About This Lesson Plan



Hands-On Lessons

Engineer a Spiderweb


Anyone who has spent time staring at a spiderweb has marveled at the intricacy of the spiders' designs. In this lesson, your students will start as scientists, discussing and discovering how a spider's web helps it survive. Then they will be mathematicians, dissecting and analyzing a spiders' web for shapes and patterns.

Students will be able to:

• Identify and analyze the purpose of shapes in a spiderweb.
• Identify triangles and "non-triangles" in a spiderweb.
• Identify triangles and "non-triangles" in a web they create.

Elmer's Mini Bi-Fold Board, Elmer's Paper Numbers (Bright), yarn, pushpins, Elmer's Project Popperz ® Permanent Markers, pictures of spiders, books about spiders, whiteboard
The Diagram of a Spider PDF
The Connect the Dots Spider Web PDF

Content Introduction: The Art of Arachnids
When a spider starts building its web, it sends out a single thread. Then, building off the original thread, it uses more thread to create designs that will help it catch insects that end up in its web. The patterns in a spiderweb trap animals and allow the spider to feel a much larger area than it would be able to feel on its own.

Essential Questions
Students will explore the following questions in this lesson:

  • How does a spider's web help it survive?
  • What shapes can we find in a spiderweb?

Common Core Standards
Distinguish between defining attributes (e.g., triangles are closed and three-sided) versus non-defining attributes (e.g., color, orientation, overall size) of shapes; build and draw shapes to possess defining attributes.

arachnid, invertebrate, spinneret

Introduction (3 minutes)
Explain to students that today they are going to be mathematicians and scientists as they investigate spiderwebs and geometry. Activate background knowledge by drawing a spider on the whiteboard. Choose four of the spiders' legs and write down one thing on each that you already know about spiders (i.e., they have eight legs, they make webs, they eat insects). On the other four legs, write four questions you have about spiders (facilitate the discussion to include the essential questions).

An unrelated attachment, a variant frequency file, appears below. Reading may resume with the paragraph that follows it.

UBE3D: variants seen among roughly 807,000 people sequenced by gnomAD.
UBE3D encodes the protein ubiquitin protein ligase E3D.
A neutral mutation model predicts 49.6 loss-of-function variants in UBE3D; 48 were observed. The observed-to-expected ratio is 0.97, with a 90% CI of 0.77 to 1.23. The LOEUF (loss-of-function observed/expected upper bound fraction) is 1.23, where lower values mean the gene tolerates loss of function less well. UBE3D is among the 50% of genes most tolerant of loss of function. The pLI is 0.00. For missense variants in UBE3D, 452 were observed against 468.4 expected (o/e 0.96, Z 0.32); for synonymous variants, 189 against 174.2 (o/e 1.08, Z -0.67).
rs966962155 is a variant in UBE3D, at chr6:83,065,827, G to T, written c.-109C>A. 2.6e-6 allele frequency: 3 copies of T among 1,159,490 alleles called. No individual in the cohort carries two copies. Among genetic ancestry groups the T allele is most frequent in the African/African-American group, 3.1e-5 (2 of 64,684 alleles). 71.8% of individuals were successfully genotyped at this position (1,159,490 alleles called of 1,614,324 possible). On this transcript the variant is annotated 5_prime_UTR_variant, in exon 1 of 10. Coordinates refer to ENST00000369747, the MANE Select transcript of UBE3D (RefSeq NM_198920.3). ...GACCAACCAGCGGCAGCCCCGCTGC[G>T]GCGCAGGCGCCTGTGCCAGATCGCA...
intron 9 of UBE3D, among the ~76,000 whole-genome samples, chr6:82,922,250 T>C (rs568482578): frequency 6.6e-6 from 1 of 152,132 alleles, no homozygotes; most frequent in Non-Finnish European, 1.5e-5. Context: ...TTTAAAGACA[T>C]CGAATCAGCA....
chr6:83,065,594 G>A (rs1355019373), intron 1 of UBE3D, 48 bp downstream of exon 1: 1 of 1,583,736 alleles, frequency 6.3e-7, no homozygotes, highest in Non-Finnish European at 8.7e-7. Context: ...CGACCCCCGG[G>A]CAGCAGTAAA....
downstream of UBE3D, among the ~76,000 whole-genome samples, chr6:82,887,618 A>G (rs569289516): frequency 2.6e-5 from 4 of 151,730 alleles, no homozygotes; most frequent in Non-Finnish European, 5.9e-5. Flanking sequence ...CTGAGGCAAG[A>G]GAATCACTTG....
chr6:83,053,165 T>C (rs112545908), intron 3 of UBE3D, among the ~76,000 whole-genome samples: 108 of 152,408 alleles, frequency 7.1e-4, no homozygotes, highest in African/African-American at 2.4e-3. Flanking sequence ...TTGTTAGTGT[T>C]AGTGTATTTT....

Mini-Lesson (5-10 minutes)
Have students sit in a circle. Use a ball of string to create a web. Start the web by rolling the string to a student across the circle. Then have that student roll the "thread" to another student. When every student has participated, have students hold their piece of the thread tightly and stand up. Explain to students that the way you just made a web mimics the way that spiders make webs, one string at a time.

Remind students that triangles have three sides and three corners. How many triangles can they find? Can you find shapes that are not triangles? Why aren't they triangles? (Point out to students that even though a shape may be pointy, if it does not have three angles and three sides, it is not a triangle.)

Finally, tell students that spiders use webs to catch bugs that they eat because the bugs get caught in the web and it vibrates (model this by taking a portion of the thread and shaking it) so the spider can feel the insect. Do you think your web would be good to catch insects? Why or why not? (Possible answers: yes because there are lots of little spaces to catch something, or no because the spider web is big so we can feel lots of bugs that might land in it)

Craft Component: Spider Webs (15 minutes)
  • Tell students they will each make their own web using foam board, string, pushpins, Elmer's Paper Numbers (Bright), and Elmer's Permanent Jumbo Markers 4 count

  • Students will each receive materials to work with independently. Invite students to insert pushpins into the foam board to design the outline of a web (similar to playing connect the dots).
  • Encourage students to imagine that they are a spider and to create a web that they think will help them catch the most bugs.• Students can wrap pieces of yarn around the pins to create and connect the strands within the web. 
  • When students have created their web, they take markers and color all the triangles they see. Have students identify how many triangles they made, placing Elmer's Paper Numbers next to each one they find.


Wrap Up (5 minutes)
On a separate sheet of paper, students write about how a spider would use its web and why it would be a good web for a spider. Kindergarten and first-grade students can write a few words or draw what would happen with their web. Second-grade students can write a short paragraph about their web.Whiteboard Concept Activities

  • Display The Diagram of a Spider PDF on the whiteboard. Work with students to label the basic parts of a spider, and discuss what each part does to help the spider survive.
  • Display The Connect the Dots Spider Web PDF on the whiteboard. Ask students to come up to the board one at a time, and use the whiteboard markers to connect the dots to create a web. Once the web is finished, ask students to identify the triangles and non-triangles they see (use two different colors to mark triangles and non-triangles)

Extension Activities
Fill a bin with nonfiction books about spiders. Use string to create a web on one wall of your classroom. As students read the books, have them write facts about spiders on pieces of paper shaped like spiders. Post your spider facts on the spiderweb.

Literature Extension

Step-by-step animation of how a spider makes a web: http://science.howstuffworks.com/environmental/life/zoology/insects-arachnids/spider5.htm

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